Ken Lambert / The Seattle Times

That Magic Moment
August 13, 2018

At any news assignment, like this one for new Seattle Police Chief Carmen Best’s swearing-in, you look for moments: little things that make the photo stand out. I photographed the obligatory swearing-in photo then, as Chief Best was about to speak, someone in the small crowd of well-wishers behind me said something that cracked her up. This was the moment! — Greg Gilbert

Greg Gilbert / The Seattle Times

Cloud Cover
March 16, 2018

I had come to Smith Tower to shoot a story on a man who had a webcam pointed out from his office toward Puget Sound. It was an internet sensation, and it wasn’t hard to see why. This one, completely arbitrary day chosen for me to shoot the story yielded such a spectacular sunset that I found myself craving an office with a window overlooking Puget Sound. Because if this is what I’ve been missing all these years, I am a poorer man for it. — Dean Rutz

Dean Rutz / The Seattle Times

Profound Grief
September 18, 2018

Miriam Gomez cries as she talks about her dear friend and co-worker Gabriela Reyes, who was killed by a stray bullet during a drive-by gang shooting in Burien. Covering a story like this is so incredibly difficult. It just breaks my heart. I can’t imagine what it must do to Gabriela’s family and friends. A beautiful life lost for no reason. I might be naive, but I just keep hoping and praying the violence will end. — Ellen M. Banner

Ellen M. Banner / The Seattle Times

A Cold Reality
February 22, 2018

It’s hard living on the street, especially during extremely cold weather. Though it was bright and sunny this day, it was unseasonably cold, and I went looking for someone whose home was a tent on the street. Across from the Union Gospel Mission in Pioneer Square, I saw Misty Love wrapped in her blanket. She was talking with two women — a relative and that person’s friend. I gave them all business cards and asked Misty how she wound up living in one of the tents in the background. Substance abuse was the answer. I gave them the name and phone number of a person at the Union Gospel Mission who had helped me with stories. I don’t know whether she called, reached out or got help. I’ve not seen her since. — Alan Berner

Alan Berner / The Seattle Times

Check That: No Head Tax
May 3, 2018

Seattle City Councilmember Kshama Sawant called a news conference outside the Amazon Spheres in support of a head tax on Amazon and other large businesses. Iron Workers Local 86 showed up to literally and loudly voice opposition to the head tax. I came early, looking for something other than a person at a microphone. Moving behind the iron workers, I used the shape of their hard hats to reflect the shape of the Spheres and provide symbolism on the issue. The City Council performed a remarkable gymnastics routine, doing a back flip on the tax after strong pushback from labor and Amazon, and the company’s threat of stopping nearby projects. The council eventually decided: no more head tax. — Alan Berner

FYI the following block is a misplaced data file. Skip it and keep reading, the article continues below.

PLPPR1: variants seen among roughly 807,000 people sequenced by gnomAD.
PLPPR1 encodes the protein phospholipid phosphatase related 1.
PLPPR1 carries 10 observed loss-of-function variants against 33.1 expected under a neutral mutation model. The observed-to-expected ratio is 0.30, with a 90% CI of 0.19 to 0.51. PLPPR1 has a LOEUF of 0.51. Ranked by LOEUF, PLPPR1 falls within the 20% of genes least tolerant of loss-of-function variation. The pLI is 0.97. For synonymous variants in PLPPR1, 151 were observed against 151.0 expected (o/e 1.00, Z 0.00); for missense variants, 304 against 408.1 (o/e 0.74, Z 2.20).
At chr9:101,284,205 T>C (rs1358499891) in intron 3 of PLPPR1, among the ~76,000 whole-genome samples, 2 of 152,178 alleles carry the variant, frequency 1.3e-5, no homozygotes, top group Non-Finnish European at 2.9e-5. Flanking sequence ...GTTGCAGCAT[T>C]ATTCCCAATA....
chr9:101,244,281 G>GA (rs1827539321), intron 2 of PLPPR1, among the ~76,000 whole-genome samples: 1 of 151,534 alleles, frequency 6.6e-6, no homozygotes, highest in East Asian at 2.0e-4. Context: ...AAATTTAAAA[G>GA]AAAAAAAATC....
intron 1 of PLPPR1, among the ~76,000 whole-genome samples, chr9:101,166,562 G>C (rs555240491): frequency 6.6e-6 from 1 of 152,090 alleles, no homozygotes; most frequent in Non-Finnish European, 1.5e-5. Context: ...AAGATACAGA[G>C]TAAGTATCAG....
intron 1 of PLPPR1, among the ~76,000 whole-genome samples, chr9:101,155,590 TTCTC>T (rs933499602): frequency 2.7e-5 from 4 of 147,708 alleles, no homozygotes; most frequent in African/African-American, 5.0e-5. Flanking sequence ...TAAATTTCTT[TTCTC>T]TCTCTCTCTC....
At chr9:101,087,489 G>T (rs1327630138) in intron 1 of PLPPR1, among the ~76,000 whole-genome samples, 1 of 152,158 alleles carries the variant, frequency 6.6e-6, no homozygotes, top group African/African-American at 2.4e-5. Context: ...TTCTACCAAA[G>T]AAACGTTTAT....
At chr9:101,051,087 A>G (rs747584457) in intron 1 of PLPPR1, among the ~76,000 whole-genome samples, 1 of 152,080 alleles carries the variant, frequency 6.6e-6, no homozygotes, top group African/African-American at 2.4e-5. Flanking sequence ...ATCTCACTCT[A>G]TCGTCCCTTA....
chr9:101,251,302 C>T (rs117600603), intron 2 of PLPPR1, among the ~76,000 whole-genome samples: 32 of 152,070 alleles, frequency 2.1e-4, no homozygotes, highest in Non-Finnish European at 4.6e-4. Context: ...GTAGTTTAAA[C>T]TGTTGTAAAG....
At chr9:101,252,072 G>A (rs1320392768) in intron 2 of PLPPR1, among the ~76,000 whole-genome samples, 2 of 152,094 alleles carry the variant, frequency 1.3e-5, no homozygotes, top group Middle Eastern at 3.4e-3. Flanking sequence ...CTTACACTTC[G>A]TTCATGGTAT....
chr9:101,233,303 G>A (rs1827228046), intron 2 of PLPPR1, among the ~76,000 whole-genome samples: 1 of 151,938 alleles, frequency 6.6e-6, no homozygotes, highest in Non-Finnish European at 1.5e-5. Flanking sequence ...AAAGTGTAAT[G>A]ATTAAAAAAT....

Alan Berner / The Seattle Times

Protest and Contrast
October 15, 2018

Cornish College of the Arts students were gathered outside the school on the sidewalk, protesting the college’s handling of sexual-assault cases. It was a bright, sunny day with lots of contrast, making exposures difficult. I was walking around looking for some way to take advantage of the contrast when I noticed some students in silhouette, holding signs over their heads. I kept shooting and waiting for the right composition, with the college building behind. — Greg Gilbert

Greg Gilbert / The Seattle Times

A Mother’s Love
January 30, 2018

LaDonna Horne stands at the bedside of her son, DaShawn Horne, days after he was brutally beaten with an aluminum bat in a racially motivated attack in Auburn. Reporter Sara Jean Green tracked down the Horne family after seeing the arrest record for the attacker, which listed “malicious harassment,” Washington State’s hate-crime statute. DaShawn spent 103 days at Harborview Medical Center — the first two months of that in a coma. In November, his attacker was sentenced to more than 13 years in prison for the crime, but DaShawn’s life was forever changed by the beating. This story went viral after it was published, and a GoFundMe account raised almost $125,000 for the family. — Bettina Hansen

Bettina Hansen / The Seattle Times

It’s in the Eyes
May 15, 2018